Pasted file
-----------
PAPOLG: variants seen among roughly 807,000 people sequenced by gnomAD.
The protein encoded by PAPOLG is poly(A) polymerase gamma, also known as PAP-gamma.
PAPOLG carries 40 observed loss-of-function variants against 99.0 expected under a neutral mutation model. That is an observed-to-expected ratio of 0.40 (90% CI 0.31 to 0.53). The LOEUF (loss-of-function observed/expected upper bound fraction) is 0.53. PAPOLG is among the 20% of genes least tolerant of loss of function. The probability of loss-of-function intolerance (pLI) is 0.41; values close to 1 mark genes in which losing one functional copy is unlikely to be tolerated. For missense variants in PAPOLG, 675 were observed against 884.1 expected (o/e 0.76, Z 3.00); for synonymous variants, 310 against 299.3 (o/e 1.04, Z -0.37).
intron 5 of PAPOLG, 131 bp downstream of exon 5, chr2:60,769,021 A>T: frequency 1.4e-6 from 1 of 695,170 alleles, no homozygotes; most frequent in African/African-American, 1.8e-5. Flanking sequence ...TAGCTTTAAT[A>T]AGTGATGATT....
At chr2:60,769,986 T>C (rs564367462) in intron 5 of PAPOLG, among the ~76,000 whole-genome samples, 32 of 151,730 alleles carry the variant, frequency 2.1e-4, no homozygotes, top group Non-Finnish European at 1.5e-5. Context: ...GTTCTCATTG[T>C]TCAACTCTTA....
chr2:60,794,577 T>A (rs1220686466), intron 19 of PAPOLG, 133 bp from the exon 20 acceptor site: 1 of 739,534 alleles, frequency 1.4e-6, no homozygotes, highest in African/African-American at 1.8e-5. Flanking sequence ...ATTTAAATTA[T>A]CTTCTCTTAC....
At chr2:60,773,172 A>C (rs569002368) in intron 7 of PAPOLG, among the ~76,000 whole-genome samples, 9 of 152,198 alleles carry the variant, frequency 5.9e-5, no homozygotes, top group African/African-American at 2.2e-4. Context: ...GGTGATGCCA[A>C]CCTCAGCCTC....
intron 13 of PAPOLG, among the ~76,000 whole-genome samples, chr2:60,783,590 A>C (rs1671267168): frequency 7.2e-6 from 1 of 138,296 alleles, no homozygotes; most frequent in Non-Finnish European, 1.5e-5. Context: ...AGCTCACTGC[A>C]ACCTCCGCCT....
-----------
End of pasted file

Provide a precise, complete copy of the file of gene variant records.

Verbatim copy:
PAPOLG: variants seen among roughly 807,000 people sequenced by gnomAD.
The protein encoded by PAPOLG is poly(A) polymerase gamma, also known as PAP-gamma.
PAPOLG carries 40 observed loss-of-function variants against 99.0 expected under a neutral mutation model. That is an observed-to-expected ratio of 0.40 (90% CI 0.31 to 0.53). The LOEUF (loss-of-function observed/expected upper bound fraction) is 0.53. PAPOLG is among the 20% of genes least tolerant of loss of function. The probability of loss-of-function intolerance (pLI) is 0.41; values close to 1 mark genes in which losing one functional copy is unlikely to be tolerated. For missense variants in PAPOLG, 675 were observed against 884.1 expected (o/e 0.76, Z 3.00); for synonymous variants, 310 against 299.3 (o/e 1.04, Z -0.37).
intron 5 of PAPOLG, 131 bp downstream of exon 5, chr2:60,769,021 A>T: frequency 1.4e-6 from 1 of 695,170 alleles, no homozygotes; most frequent in African/African-American, 1.8e-5. Flanking sequence ...TAGCTTTAAT[A>T]AGTGATGATT....
At chr2:60,769,986 T>C (rs564367462) in intron 5 of PAPOLG, among the ~76,000 whole-genome samples, 32 of 151,730 alleles carry the variant, frequency 2.1e-4, no homozygotes, top group Non-Finnish European at 1.5e-5. Context: ...GTTCTCATTG[T>C]TCAACTCTTA....
chr2:60,794,577 T>A (rs1220686466), intron 19 of PAPOLG, 133 bp from the exon 20 acceptor site: 1 of 739,534 alleles, frequency 1.4e-6, no homozygotes, highest in African/African-American at 1.8e-5. Flanking sequence ...ATTTAAATTA[T>A]CTTCTCTTAC....
At chr2:60,773,172 A>C (rs569002368) in intron 7 of PAPOLG, among the ~76,000 whole-genome samples, 9 of 152,198 alleles carry the variant, frequency 5.9e-5, no homozygotes, top group African/African-American at 2.2e-4. Context: ...GGTGATGCCA[A>C]CCTCAGCCTC....
intron 13 of PAPOLG, among the ~76,000 whole-genome samples, chr2:60,783,590 A>C (rs1671267168): frequency 7.2e-6 from 1 of 138,296 alleles, no homozygotes; most frequent in Non-Finnish European, 1.5e-5. Context: ...AGCTCACTGC[A>C]ACCTCCGCCT....